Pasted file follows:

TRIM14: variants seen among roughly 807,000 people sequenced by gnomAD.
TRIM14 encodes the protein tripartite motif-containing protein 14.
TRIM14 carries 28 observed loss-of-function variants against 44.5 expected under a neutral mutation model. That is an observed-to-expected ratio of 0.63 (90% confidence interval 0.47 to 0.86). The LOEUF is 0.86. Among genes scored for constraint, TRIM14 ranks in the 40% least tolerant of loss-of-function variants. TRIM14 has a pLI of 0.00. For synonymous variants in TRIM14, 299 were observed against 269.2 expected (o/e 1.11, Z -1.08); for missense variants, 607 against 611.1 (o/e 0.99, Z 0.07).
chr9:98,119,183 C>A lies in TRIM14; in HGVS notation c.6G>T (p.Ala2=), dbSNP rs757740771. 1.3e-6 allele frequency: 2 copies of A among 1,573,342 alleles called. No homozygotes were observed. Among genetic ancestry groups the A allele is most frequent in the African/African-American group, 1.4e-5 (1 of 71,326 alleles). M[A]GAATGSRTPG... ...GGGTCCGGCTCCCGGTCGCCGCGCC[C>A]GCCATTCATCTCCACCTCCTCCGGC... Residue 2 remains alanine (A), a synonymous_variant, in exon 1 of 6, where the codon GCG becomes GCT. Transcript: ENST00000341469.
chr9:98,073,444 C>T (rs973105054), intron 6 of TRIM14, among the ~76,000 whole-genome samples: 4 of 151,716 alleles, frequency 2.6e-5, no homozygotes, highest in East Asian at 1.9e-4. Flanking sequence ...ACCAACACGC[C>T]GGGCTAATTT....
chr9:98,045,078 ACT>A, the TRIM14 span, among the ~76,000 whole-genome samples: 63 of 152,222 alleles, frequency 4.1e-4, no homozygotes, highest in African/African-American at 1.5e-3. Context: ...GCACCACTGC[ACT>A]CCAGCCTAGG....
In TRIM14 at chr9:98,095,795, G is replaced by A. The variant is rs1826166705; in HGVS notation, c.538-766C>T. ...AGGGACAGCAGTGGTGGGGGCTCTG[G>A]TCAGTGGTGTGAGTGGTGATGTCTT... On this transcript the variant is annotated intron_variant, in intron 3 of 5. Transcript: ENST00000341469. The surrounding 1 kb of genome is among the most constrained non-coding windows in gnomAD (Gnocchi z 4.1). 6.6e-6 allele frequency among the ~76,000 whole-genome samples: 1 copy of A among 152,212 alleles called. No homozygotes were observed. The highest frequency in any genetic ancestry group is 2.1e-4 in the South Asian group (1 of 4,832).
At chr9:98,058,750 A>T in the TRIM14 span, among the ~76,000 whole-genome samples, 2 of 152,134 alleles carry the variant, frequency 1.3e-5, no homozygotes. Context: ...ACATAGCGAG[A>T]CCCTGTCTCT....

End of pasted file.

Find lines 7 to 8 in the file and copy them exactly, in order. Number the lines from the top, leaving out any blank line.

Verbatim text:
In TRIM14 at chr9:98,095,795, G is replaced by A. The variant is rs1826166705; in HGVS notation, c.538-766C>T. ...AGGGACAGCAGTGGTGGGGGCTCTG[G>A]TCAGTGGTGTGAGTGGTGATGTCTT... On this transcript the variant is annotated intron_variant, in intron 3 of 5. Transcript: ENST00000341469. The surrounding 1 kb of genome is among the most constrained non-coding windows in gnomAD (Gnocchi z 4.1). 6.6e-6 allele frequency among the ~76,000 whole-genome samples: 1 copy of A among 152,212 alleles called. No homozygotes were observed. The highest frequency in any genetic ancestry group is 2.1e-4 in the South Asian group (1 of 4,832).
At chr9:98,058,750 A>T in the TRIM14 span, among the ~76,000 whole-genome samples, 2 of 152,134 alleles carry the variant, frequency 1.3e-5, no homozygotes. Context: ...ACATAGCGAG[A>T]CCCTGTCTCT....